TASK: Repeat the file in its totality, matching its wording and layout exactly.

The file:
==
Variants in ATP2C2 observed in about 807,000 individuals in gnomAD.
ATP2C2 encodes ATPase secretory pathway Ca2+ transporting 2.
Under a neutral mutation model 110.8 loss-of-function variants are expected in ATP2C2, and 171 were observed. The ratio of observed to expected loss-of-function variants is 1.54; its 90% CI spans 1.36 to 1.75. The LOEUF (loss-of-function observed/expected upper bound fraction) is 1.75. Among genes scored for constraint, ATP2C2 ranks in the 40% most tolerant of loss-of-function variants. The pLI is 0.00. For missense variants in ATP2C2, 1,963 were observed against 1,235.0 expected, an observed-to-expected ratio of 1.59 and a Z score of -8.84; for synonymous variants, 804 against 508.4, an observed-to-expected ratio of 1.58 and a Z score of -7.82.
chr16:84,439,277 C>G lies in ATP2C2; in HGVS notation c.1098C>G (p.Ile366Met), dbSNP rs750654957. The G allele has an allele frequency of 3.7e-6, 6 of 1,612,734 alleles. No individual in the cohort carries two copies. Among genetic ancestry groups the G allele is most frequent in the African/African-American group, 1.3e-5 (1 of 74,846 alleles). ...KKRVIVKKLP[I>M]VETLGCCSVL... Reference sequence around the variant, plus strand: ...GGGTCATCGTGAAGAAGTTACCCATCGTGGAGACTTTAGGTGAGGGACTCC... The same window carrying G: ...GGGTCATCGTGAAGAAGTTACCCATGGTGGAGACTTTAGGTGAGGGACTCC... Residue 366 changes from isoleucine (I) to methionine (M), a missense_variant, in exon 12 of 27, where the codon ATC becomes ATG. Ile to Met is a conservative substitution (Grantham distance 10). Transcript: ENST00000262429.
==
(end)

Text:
Variants in ATP2C2 observed in about 807,000 individuals in gnomAD.
ATP2C2 encodes ATPase secretory pathway Ca2+ transporting 2.
Under a neutral mutation model 110.8 loss-of-function variants are expected in ATP2C2, and 171 were observed. The ratio of observed to expected loss-of-function variants is 1.54; its 90% CI spans 1.36 to 1.75. The LOEUF (loss-of-function observed/expected upper bound fraction) is 1.75. Among genes scored for constraint, ATP2C2 ranks in the 40% most tolerant of loss-of-function variants. The pLI is 0.00. For missense variants in ATP2C2, 1,963 were observed against 1,235.0 expected, an observed-to-expected ratio of 1.59 and a Z score of -8.84; for synonymous variants, 804 against 508.4, an observed-to-expected ratio of 1.58 and a Z score of -7.82.
chr16:84,439,277 C>G lies in ATP2C2; in HGVS notation c.1098C>G (p.Ile366Met), dbSNP rs750654957. The G allele has an allele frequency of 3.7e-6, 6 of 1,612,734 alleles. No individual in the cohort carries two copies. Among genetic ancestry groups the G allele is most frequent in the African/African-American group, 1.3e-5 (1 of 74,846 alleles). ...KKRVIVKKLP[I>M]VETLGCCSVL... Reference sequence around the variant, plus strand: ...GGGTCATCGTGAAGAAGTTACCCATCGTGGAGACTTTAGGTGAGGGACTCC... The same window carrying G: ...GGGTCATCGTGAAGAAGTTACCCATGGTGGAGACTTTAGGTGAGGGACTCC... Residue 366 changes from isoleucine (I) to methionine (M), a missense_variant, in exon 12 of 27, where the codon ATC becomes ATG. Ile to Met is a conservative substitution (Grantham distance 10). Transcript: ENST00000262429.